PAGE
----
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I am planning to buy a new desktop for myself. I am planning on running Ubuntu on it. How can I be sure that what I am planning to buy ( cpu , graphics card, memory, mainboard ) will work happily with Ubuntu? ( like having drivers, giving full performance etc.. )

Is there any kind of list that I can check?

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System76 sells laptops and desktops with Ubuntu preloaded. However, they are expensive. So, you can cheat. Go into the models they offer and they will tell you what hardware is in them. Put that specific hardware on your short-list.

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However that is a community page, so it's only as good as the contributions.

CPU and Motherboards are definitely going to work for at least the basic functions. The issues you may have would be with integrated NICs and Sound Cards, though in general Linux has a very broad range of support.

A good way to find out is to google the chipset itself for the motherboard or NIC and read up on the experiences that people have had with that particular chipset.

Memory won't have much to do with Linux, more to do with the motherboard itself, so as long as the Memory is on the Motherboards Qualified Vendors List, you shouldn't have any issues there.

For graphics cards, I would go with Nvidia as their Linux support is generally better than ATIs, however ATI is catching up pretty fast still.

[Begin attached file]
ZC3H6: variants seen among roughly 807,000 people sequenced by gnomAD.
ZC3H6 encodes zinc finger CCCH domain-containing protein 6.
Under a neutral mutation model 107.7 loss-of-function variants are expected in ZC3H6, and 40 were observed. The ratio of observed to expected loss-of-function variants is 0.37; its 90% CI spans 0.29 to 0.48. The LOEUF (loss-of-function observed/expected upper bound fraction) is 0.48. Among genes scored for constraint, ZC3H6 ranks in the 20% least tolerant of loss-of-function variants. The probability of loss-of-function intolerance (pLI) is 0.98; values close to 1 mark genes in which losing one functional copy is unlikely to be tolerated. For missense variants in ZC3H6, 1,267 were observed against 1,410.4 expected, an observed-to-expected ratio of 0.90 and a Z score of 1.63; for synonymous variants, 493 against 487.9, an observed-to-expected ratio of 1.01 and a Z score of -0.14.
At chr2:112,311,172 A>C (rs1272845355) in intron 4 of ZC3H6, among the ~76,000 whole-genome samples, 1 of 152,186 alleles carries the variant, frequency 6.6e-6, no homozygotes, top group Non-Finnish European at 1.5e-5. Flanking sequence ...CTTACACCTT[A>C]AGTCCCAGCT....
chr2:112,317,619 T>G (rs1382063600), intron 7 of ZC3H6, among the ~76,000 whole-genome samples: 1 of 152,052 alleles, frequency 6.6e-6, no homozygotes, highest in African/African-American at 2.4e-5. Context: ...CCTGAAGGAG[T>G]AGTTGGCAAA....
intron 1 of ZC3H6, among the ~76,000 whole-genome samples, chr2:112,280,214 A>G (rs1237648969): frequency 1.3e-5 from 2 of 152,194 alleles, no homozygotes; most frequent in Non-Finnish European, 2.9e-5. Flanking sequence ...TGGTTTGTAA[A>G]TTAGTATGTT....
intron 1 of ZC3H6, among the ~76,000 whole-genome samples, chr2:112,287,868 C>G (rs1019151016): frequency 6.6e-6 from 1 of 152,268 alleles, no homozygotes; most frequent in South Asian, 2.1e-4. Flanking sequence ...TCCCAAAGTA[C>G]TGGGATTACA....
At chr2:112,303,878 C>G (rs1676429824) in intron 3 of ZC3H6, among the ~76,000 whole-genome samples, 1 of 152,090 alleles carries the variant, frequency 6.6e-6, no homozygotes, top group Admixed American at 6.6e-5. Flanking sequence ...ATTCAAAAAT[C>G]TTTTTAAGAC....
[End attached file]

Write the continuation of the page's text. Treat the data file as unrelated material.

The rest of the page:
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When the fear of hardware incompatibilities puts you off buying a new computer be sure to run your intended purchase through Canonical’s ‘Ubuntu Certification’ website.To gain ‘Ubuntu Certified’ status hardware is tested by Canonical engineers.‘Ubuntu Ready’ applies to hardware self-tested by OEMs using Canonical’s certification test suite with results submitted to Canonical for validation.If you don’t find your device listed don’t assume that it isn’t compatible. Not every device manufacturer has submitted their hardware for testing. Check out the community-reviewed compatibility pages on the Ubuntu Wiki.

Head over to to check out the current tally of compatible hardware and search on any prospective machines you’re considering buying.

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